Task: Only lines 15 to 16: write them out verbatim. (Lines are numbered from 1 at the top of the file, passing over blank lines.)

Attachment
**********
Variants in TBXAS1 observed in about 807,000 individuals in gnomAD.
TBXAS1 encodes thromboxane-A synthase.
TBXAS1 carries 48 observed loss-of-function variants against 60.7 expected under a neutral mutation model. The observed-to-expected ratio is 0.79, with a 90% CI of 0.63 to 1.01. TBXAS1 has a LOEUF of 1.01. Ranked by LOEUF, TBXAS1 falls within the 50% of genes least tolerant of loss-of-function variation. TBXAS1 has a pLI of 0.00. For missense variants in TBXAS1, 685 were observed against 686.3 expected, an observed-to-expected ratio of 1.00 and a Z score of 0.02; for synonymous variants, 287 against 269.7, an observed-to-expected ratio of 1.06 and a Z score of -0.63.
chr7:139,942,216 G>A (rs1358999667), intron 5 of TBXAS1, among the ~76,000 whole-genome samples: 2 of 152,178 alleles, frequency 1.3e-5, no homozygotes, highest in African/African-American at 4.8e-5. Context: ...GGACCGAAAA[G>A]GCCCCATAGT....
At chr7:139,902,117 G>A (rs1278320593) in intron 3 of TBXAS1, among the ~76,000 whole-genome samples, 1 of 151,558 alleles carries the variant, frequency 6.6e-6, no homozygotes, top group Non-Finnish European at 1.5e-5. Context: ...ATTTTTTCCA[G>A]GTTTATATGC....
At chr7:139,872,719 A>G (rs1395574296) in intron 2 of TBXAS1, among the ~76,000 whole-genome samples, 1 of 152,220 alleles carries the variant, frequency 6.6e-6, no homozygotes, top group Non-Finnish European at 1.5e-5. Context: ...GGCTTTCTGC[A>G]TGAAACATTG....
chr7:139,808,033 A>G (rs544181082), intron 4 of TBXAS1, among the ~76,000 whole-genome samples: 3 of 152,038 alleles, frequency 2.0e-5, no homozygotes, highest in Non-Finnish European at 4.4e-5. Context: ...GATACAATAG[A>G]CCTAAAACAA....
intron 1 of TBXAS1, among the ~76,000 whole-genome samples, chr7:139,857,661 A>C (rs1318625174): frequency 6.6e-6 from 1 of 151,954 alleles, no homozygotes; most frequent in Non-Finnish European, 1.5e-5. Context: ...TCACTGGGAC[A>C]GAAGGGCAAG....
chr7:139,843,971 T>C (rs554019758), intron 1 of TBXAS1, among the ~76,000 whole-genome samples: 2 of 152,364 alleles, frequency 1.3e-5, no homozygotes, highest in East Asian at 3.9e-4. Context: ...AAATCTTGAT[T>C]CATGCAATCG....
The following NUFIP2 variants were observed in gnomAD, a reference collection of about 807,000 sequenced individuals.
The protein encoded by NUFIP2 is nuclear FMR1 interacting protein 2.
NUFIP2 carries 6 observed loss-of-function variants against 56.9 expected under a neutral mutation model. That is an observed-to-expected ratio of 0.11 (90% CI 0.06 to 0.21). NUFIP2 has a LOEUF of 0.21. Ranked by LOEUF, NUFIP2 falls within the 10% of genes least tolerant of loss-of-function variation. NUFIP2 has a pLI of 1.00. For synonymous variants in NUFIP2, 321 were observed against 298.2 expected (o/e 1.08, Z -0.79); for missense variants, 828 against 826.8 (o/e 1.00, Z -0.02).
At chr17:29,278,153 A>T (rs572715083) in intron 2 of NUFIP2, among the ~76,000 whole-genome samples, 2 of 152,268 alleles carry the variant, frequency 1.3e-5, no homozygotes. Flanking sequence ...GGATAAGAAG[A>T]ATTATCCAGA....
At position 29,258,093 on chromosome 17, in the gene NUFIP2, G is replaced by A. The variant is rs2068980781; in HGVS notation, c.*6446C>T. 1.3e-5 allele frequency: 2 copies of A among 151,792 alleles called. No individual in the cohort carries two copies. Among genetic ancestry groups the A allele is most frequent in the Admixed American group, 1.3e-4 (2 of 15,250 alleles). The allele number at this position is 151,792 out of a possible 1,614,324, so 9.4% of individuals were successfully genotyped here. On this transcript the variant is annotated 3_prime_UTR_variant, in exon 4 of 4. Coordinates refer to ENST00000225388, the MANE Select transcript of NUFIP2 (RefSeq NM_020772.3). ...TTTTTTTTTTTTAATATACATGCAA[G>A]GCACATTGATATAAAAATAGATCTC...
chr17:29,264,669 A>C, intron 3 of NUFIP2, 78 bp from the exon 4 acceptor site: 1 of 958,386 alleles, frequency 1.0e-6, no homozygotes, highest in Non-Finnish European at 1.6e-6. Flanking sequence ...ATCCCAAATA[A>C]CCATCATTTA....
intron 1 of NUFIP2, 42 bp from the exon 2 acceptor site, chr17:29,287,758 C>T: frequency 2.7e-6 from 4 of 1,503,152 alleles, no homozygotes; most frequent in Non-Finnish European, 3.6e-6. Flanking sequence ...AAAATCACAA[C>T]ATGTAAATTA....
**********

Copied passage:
chr17:29,264,669 A>C, intron 3 of NUFIP2, 78 bp from the exon 4 acceptor site: 1 of 958,386 alleles, frequency 1.0e-6, no homozygotes, highest in Non-Finnish European at 1.6e-6. Flanking sequence ...ATCCCAAATA[A>C]CCATCATTTA....
intron 1 of NUFIP2, 42 bp from the exon 2 acceptor site, chr17:29,287,758 C>T: frequency 2.7e-6 from 4 of 1,503,152 alleles, no homozygotes; most frequent in Non-Finnish European, 3.6e-6. Flanking sequence ...AAAATCACAA[C>T]ATGTAAATTA....